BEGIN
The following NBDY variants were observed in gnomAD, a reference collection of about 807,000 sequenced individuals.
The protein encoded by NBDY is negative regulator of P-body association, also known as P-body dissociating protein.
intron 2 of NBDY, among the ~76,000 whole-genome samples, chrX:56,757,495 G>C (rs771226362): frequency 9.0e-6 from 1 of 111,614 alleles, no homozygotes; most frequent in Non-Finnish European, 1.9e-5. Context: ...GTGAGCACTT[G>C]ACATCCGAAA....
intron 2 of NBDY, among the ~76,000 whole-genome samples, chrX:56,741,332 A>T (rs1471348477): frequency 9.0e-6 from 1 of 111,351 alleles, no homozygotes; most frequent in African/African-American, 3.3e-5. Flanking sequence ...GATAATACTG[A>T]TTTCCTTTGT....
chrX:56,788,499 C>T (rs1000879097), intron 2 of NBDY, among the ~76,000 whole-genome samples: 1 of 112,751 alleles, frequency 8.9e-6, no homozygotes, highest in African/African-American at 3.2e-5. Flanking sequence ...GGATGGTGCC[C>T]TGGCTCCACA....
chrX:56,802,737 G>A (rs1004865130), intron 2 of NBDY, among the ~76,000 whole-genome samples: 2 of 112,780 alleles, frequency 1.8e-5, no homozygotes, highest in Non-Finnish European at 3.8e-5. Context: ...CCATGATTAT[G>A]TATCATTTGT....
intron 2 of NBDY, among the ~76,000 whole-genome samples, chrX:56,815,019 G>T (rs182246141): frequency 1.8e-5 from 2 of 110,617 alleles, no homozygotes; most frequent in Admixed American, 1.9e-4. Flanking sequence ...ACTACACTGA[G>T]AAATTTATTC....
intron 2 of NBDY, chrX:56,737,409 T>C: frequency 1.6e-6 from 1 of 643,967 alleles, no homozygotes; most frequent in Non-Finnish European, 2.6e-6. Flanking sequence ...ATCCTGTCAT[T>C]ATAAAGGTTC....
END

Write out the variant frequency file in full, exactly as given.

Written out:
The following NBDY variants were observed in gnomAD, a reference collection of about 807,000 sequenced individuals.
The protein encoded by NBDY is negative regulator of P-body association, also known as P-body dissociating protein.
intron 2 of NBDY, among the ~76,000 whole-genome samples, chrX:56,757,495 G>C (rs771226362): frequency 9.0e-6 from 1 of 111,614 alleles, no homozygotes; most frequent in Non-Finnish European, 1.9e-5. Context: ...GTGAGCACTT[G>C]ACATCCGAAA....
intron 2 of NBDY, among the ~76,000 whole-genome samples, chrX:56,741,332 A>T (rs1471348477): frequency 9.0e-6 from 1 of 111,351 alleles, no homozygotes; most frequent in African/African-American, 3.3e-5. Flanking sequence ...GATAATACTG[A>T]TTTCCTTTGT....
chrX:56,788,499 C>T (rs1000879097), intron 2 of NBDY, among the ~76,000 whole-genome samples: 1 of 112,751 alleles, frequency 8.9e-6, no homozygotes, highest in African/African-American at 3.2e-5. Flanking sequence ...GGATGGTGCC[C>T]TGGCTCCACA....
chrX:56,802,737 G>A (rs1004865130), intron 2 of NBDY, among the ~76,000 whole-genome samples: 2 of 112,780 alleles, frequency 1.8e-5, no homozygotes, highest in Non-Finnish European at 3.8e-5. Context: ...CCATGATTAT[G>A]TATCATTTGT....
intron 2 of NBDY, among the ~76,000 whole-genome samples, chrX:56,815,019 G>T (rs182246141): frequency 1.8e-5 from 2 of 110,617 alleles, no homozygotes; most frequent in Admixed American, 1.9e-4. Flanking sequence ...ACTACACTGA[G>T]AAATTTATTC....
intron 2 of NBDY, chrX:56,737,409 T>C: frequency 1.6e-6 from 1 of 643,967 alleles, no homozygotes; most frequent in Non-Finnish European, 2.6e-6. Flanking sequence ...ATCCTGTCAT[T>C]ATAAAGGTTC....